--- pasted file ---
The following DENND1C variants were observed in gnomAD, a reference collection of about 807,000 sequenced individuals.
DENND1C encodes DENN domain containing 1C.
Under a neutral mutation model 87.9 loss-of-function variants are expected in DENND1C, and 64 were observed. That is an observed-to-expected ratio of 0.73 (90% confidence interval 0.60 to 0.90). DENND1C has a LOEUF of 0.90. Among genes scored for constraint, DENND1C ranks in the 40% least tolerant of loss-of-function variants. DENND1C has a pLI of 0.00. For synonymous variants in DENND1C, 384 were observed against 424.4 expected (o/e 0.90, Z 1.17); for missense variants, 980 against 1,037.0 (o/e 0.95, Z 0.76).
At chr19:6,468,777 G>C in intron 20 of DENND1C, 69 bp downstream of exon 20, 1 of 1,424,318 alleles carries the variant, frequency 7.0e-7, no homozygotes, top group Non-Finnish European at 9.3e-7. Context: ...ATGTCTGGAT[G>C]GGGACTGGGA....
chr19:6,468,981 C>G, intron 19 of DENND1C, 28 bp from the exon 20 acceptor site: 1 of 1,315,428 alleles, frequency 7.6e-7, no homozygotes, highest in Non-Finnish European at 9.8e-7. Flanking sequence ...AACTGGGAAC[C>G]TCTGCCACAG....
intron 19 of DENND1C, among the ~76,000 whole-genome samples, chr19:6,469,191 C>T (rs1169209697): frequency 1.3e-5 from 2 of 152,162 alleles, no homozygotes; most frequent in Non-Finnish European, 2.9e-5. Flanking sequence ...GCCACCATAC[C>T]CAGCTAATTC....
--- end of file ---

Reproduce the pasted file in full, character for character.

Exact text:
The following DENND1C variants were observed in gnomAD, a reference collection of about 807,000 sequenced individuals.
DENND1C encodes DENN domain containing 1C.
Under a neutral mutation model 87.9 loss-of-function variants are expected in DENND1C, and 64 were observed. That is an observed-to-expected ratio of 0.73 (90% confidence interval 0.60 to 0.90). DENND1C has a LOEUF of 0.90. Among genes scored for constraint, DENND1C ranks in the 40% least tolerant of loss-of-function variants. DENND1C has a pLI of 0.00. For synonymous variants in DENND1C, 384 were observed against 424.4 expected (o/e 0.90, Z 1.17); for missense variants, 980 against 1,037.0 (o/e 0.95, Z 0.76).
At chr19:6,468,777 G>C in intron 20 of DENND1C, 69 bp downstream of exon 20, 1 of 1,424,318 alleles carries the variant, frequency 7.0e-7, no homozygotes, top group Non-Finnish European at 9.3e-7. Context: ...ATGTCTGGAT[G>C]GGGACTGGGA....
chr19:6,468,981 C>G, intron 19 of DENND1C, 28 bp from the exon 20 acceptor site: 1 of 1,315,428 alleles, frequency 7.6e-7, no homozygotes, highest in Non-Finnish European at 9.8e-7. Flanking sequence ...AACTGGGAAC[C>G]TCTGCCACAG....
intron 19 of DENND1C, among the ~76,000 whole-genome samples, chr19:6,469,191 C>T (rs1169209697): frequency 1.3e-5 from 2 of 152,162 alleles, no homozygotes; most frequent in Non-Finnish European, 2.9e-5. Flanking sequence ...GCCACCATAC[C>T]CAGCTAATTC....